BENGHAZI, Libya (Reuters) - Libyan schools will reopen in mid-September despite bombed-out facilities, scarce transport and a curriculum until recently laden with Muammar Gaddafi’s eccentric philosophies, a rebel official said.
Libya’s de facto rulers have been under increasing pressure to impose order and restore basic state services like education across the war-battered North African country after ousting forces loyal to Gaddafi from the capital Tripoli last month. > “We’ve finished erasing all Gaddafi’s items from the curriculum - the Green Book, al-Mujtama al-Jamahiri,” rebel education chief Soliman el-Sahli said in an interview, listing some of the ousted leader’s works.
“Many items were compulsory for students and were used to sanctify Gaddafi,” he said, adding that schools were set to resume classes on September 17.
During his four decades in power, Gaddafi nurtured a personality cult that pervaded Libyans’ daily lives, including their textbooks.
At the top of the reading list was his Green Book, which laid out a philosophy inspired in part by socialism, Islam and Arab nationalism. The tome is now more likely to be burned than studied in Libya’s east.
A few months after the uprising began in February, rebels set up a committee of education experts to expunge Gaddafi’s theories from the curriculum and prepare for a new semester without the veteran leader, Sahli said.
More changes are planned. Under Gaddafi, instructors were often chosen for their loyalty rather than their competence, and the ruling National Transitional Council (NTC) would like to change that approach, Sahli said.
“The people who rose under Gaddafi were unqualified. They were mainly from revolutionary committees or they were Gaddafi’s relatives,” he said, adding hiring policy would now focus on “specializations, experience and qualifications.”
Schools will also be able to teach more Western languages like French and English, which were often restricted or banned in the curriculum under Gaddafi, he said.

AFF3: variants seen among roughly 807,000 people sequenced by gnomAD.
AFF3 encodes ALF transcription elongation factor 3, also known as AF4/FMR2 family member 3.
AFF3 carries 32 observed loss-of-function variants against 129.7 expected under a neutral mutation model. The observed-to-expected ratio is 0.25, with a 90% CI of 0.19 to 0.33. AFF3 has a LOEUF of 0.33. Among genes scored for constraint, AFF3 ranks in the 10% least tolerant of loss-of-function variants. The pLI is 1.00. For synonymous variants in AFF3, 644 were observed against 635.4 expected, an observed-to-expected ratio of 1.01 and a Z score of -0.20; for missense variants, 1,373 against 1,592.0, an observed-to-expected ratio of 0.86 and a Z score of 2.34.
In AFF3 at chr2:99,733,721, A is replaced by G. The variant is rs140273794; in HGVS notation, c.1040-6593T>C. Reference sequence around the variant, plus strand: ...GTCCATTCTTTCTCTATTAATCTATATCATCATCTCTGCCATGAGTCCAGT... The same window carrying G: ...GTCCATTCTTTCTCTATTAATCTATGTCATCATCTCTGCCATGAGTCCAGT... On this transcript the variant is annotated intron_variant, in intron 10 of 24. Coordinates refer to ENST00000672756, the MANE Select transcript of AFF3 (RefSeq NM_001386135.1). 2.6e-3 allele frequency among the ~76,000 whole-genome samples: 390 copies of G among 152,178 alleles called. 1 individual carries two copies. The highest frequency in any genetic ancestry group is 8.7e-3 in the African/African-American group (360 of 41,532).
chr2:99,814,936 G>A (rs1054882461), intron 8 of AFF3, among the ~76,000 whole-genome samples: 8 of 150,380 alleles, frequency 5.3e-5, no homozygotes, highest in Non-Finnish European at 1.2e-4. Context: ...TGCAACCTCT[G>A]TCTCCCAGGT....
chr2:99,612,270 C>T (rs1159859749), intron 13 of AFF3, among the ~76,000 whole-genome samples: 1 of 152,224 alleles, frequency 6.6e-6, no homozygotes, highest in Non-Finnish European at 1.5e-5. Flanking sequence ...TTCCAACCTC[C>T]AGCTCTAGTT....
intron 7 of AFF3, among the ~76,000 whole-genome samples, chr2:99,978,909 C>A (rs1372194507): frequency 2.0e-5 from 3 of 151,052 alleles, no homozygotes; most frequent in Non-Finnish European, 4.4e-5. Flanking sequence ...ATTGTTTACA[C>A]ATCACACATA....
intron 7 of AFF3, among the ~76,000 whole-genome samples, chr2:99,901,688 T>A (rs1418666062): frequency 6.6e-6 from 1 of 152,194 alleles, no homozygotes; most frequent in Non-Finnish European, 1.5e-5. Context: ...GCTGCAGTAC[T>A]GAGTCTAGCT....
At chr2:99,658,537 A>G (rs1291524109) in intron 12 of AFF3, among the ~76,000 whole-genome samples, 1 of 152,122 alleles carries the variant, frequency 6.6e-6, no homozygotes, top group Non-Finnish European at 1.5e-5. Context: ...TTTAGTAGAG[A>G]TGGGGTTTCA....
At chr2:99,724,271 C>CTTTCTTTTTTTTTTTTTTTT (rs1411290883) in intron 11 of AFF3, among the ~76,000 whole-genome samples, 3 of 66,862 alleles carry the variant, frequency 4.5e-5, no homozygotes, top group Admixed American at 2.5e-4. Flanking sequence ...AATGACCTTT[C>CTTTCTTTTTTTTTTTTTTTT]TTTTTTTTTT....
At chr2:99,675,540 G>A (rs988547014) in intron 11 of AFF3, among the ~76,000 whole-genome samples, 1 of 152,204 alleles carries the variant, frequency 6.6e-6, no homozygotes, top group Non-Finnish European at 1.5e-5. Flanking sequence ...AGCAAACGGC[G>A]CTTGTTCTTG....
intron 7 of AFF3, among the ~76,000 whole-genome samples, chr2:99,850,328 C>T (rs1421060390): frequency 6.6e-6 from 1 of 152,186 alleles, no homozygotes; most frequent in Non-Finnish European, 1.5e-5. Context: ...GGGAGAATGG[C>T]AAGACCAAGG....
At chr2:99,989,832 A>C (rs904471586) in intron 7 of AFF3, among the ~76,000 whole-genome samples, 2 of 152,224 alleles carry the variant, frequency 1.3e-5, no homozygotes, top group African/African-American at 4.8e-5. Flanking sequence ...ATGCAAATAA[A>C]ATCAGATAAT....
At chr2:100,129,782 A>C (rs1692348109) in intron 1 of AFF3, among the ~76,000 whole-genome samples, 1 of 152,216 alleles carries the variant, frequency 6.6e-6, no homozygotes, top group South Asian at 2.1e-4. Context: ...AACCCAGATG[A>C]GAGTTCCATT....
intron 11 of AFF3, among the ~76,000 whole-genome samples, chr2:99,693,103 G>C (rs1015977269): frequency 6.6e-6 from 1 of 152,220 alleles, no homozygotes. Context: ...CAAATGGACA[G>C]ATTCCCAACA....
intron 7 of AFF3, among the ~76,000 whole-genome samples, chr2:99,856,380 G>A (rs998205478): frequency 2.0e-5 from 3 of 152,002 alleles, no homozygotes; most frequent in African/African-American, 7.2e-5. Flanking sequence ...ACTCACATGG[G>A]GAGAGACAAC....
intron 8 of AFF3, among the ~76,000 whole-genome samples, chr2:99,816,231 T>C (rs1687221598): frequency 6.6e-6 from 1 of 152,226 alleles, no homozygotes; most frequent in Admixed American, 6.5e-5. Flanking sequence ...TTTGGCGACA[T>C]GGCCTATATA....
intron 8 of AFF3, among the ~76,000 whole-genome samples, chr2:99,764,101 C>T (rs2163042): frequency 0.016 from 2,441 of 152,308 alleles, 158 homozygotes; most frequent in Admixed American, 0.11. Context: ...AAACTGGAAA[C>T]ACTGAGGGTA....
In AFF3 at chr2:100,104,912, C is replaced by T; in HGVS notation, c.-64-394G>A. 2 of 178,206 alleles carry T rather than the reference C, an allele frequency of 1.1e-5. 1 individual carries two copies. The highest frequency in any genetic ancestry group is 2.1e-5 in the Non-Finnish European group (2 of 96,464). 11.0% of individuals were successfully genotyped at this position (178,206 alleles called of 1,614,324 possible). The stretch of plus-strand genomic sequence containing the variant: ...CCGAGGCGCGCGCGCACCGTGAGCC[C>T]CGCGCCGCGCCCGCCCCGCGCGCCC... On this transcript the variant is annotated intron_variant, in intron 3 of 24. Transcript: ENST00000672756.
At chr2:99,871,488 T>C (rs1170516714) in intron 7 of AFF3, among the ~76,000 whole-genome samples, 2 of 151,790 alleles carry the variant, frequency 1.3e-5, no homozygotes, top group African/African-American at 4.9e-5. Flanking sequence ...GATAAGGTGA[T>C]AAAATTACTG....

As part of a push to expand his influence in sub-Saharan Africa, the mercurial leader had tried to make students learn Hausa and Swahili about two years ago, but the initiative floundered because there weren’t enough teachers, Sahli said.
That effort now seems unlikely to be revived.
Revamping Libyan textbooks is just one of the challenges the new leaders face as they seek to establish themselves as a credible government and win the trust of Libyans eager to get on with their normal lives.
In Benghazi, machine gun-mounted pickup trucks linger alongside civilian sedans at traffic lights. In western cities like Misrata, which withstood a months-long siege, the damage is extensive and will take time to repair.
“There are schools that have been completely destroyed - in Misrata, Zawiya, Zintan,” Sahli said. “In Benghazi we need some upkeep, but just light upkeep. It won’t effect the continuation of studies.”
The council will need more money to provide transport for schoolchildren and to pay teachers’ salaries, Sahli said.
World leaders had been slowly unfreezing Libyan money abroad and on Thursday announced another $15 billion of Libyan assets would be freed up.
Even before the revolt, underfunding was a problem for Libyan schools, Sahli said.
“All the teachers in Libya have been in a very bad financial situation, bad enough that they have to find work outside of education,” he said. “It’s reached the point that a lot of jokes and comedy come out about the situation of teachers.”